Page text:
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Sergeant Anthony G. Eilers | Burlington Police Department, Wisconsin Burlington Police Department, Wisconsin


Anthony G. Eilers

Burlington Police Department, Wisconsin

End of Watch: Monday, February 5, 1962

Bio & Incident Details

Age: 39

Tour: Not available

Badge # Not available

Military veteran

Cause: Gunfire

Weapon: Officer's handgun

Offender: Sentenced to life

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Sergeant Eilers was shot and killed with his own service weapon after stopping a vehicle for having a dangling license plate. Unbeknownst to Sergeant Eilers, the two brothers in the car, ages 21 and 17, had just committed a burglary at a high school two counties away. The suspects attacked him, beat him, and then shot him with his own weapon.

One of the suspects drove the patrol car to a rock quarrey 20 miles away where he planned to dump the car and the officers body into the 100-foot deep water. He had to abandon the car when he failed to crash through a gate and the car became tangled in the wire mesh. A short time later the patrol car was discovered by a passing motorist.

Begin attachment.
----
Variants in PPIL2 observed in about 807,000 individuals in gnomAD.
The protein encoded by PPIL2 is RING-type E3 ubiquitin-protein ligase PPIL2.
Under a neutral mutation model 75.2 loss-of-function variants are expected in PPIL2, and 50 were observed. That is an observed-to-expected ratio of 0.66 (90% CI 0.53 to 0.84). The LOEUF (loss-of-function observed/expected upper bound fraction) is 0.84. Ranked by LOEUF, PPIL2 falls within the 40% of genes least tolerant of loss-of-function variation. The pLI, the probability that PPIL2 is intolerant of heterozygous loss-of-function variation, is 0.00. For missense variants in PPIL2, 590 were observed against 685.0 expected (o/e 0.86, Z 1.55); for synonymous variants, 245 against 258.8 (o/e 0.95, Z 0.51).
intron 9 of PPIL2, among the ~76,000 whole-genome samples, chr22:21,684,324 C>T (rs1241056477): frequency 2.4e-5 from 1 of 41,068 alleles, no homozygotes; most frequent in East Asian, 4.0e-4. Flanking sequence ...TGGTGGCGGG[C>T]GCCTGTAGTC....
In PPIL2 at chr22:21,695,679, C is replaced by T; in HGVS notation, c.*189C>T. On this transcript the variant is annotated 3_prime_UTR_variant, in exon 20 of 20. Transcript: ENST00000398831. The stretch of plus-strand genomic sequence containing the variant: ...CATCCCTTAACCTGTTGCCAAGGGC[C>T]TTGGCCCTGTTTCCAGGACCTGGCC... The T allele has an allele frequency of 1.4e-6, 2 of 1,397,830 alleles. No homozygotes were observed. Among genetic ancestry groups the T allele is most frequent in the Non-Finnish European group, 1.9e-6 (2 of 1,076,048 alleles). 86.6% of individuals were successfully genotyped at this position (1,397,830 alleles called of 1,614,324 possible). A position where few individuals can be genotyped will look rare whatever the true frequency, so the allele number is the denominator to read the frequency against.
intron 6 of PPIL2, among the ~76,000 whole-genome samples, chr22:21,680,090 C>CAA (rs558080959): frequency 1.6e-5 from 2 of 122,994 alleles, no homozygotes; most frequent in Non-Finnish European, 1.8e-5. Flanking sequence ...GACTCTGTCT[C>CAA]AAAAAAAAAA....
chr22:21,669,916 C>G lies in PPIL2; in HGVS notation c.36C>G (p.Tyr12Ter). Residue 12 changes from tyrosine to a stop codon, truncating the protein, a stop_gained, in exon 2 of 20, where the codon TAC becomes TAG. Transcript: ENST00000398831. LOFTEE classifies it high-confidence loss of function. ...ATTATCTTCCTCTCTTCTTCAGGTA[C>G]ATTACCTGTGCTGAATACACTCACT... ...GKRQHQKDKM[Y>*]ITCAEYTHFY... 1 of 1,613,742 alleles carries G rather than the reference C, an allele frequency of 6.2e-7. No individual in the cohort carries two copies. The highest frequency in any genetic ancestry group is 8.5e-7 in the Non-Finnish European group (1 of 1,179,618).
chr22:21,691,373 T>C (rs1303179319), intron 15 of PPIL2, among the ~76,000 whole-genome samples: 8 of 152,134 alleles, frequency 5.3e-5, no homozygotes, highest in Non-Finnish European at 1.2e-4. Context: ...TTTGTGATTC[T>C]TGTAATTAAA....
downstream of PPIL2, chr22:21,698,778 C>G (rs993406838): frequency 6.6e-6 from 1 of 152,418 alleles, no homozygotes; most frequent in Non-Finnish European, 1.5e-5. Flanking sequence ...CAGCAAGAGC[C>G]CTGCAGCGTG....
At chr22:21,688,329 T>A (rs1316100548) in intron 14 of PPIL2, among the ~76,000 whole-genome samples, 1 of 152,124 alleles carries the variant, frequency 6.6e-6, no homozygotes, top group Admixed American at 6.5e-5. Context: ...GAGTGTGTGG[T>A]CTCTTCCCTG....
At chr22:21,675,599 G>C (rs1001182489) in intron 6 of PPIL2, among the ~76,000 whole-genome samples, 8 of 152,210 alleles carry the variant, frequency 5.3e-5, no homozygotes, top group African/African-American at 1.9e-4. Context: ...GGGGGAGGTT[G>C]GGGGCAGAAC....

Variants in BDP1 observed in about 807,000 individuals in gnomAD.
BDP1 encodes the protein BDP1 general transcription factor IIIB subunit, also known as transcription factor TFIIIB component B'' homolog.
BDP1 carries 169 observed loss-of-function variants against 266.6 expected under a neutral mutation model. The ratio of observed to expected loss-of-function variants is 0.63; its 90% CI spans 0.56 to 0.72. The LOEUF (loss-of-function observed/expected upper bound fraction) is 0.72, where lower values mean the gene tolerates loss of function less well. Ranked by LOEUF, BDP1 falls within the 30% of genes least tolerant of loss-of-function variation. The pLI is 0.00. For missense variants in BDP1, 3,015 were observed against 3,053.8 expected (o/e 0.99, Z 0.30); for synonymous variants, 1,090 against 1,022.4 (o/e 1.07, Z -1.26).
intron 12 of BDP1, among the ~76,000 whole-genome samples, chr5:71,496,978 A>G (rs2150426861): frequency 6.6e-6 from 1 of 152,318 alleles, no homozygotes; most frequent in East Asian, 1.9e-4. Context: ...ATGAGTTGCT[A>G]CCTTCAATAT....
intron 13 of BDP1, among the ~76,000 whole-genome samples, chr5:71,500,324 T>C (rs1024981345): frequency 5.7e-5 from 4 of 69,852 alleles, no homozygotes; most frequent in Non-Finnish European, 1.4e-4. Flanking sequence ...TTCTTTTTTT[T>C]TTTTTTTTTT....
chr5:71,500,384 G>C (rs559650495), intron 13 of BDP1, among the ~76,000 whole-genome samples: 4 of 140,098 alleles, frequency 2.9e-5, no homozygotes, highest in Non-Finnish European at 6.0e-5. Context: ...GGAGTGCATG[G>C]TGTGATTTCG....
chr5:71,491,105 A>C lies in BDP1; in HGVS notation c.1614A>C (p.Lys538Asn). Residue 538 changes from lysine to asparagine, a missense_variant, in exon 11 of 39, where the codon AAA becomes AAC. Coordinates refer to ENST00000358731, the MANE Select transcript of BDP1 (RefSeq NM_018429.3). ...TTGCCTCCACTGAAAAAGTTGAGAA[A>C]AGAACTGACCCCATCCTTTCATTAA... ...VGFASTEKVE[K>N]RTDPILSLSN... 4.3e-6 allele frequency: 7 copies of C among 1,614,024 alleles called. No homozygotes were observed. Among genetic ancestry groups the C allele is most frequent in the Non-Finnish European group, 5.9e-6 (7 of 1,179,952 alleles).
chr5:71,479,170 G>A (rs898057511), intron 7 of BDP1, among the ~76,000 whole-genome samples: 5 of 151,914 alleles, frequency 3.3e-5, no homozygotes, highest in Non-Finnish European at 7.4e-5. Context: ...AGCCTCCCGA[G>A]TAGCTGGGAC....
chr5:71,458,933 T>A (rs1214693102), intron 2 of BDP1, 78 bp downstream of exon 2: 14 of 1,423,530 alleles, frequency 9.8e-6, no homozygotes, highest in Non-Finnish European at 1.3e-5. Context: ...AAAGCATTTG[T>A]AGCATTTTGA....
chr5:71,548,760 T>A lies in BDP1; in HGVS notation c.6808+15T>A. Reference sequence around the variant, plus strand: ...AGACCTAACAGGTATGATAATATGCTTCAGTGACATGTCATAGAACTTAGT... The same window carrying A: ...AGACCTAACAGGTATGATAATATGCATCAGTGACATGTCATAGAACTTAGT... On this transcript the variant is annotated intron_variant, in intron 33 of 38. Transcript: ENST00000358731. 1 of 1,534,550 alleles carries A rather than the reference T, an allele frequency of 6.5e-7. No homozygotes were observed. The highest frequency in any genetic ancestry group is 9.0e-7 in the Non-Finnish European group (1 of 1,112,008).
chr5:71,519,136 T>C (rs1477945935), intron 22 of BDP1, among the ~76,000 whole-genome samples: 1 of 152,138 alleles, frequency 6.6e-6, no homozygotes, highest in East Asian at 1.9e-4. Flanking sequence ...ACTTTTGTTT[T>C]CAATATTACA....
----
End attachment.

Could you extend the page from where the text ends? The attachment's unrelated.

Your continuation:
When the suspect took the patrol car he accidentally ran into the back of his own car knocking off the license plate. Police found the plate which led to the brothers arrest the next day.

The 21 year old suspect had recently been paroled from the Wisconsin State Reformatory after serving two years for burglary. He was convicted of Sergeant Eilers' murder and sentenced to life in prison on September 25, 1962. He was paroled in 1976. In 1982 he was returned to the Wisconsin Pentitentiary following a burglary conviction. On September 19, 1988, he escaped from McNaughton Correctional Institute. A year later he was captured in Nevada after his case aired on the TV show "America's Most Wanted". A judge ordered that his 17 year old brother was to be tried as a juvenile.

Sergeant Eilers was survived by his wife and two children. He was a sergeant who served in the Pacific Theatre with the Army Rangers during World War II. He was awarded the purple heart.

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Sgt. Eilers,
Please forgive me I should have double checked the reflection I left for you. Thank you for your service and sacrifice on today the 55th anniversary of your death.


United States Border Patrol
February 5, 2017


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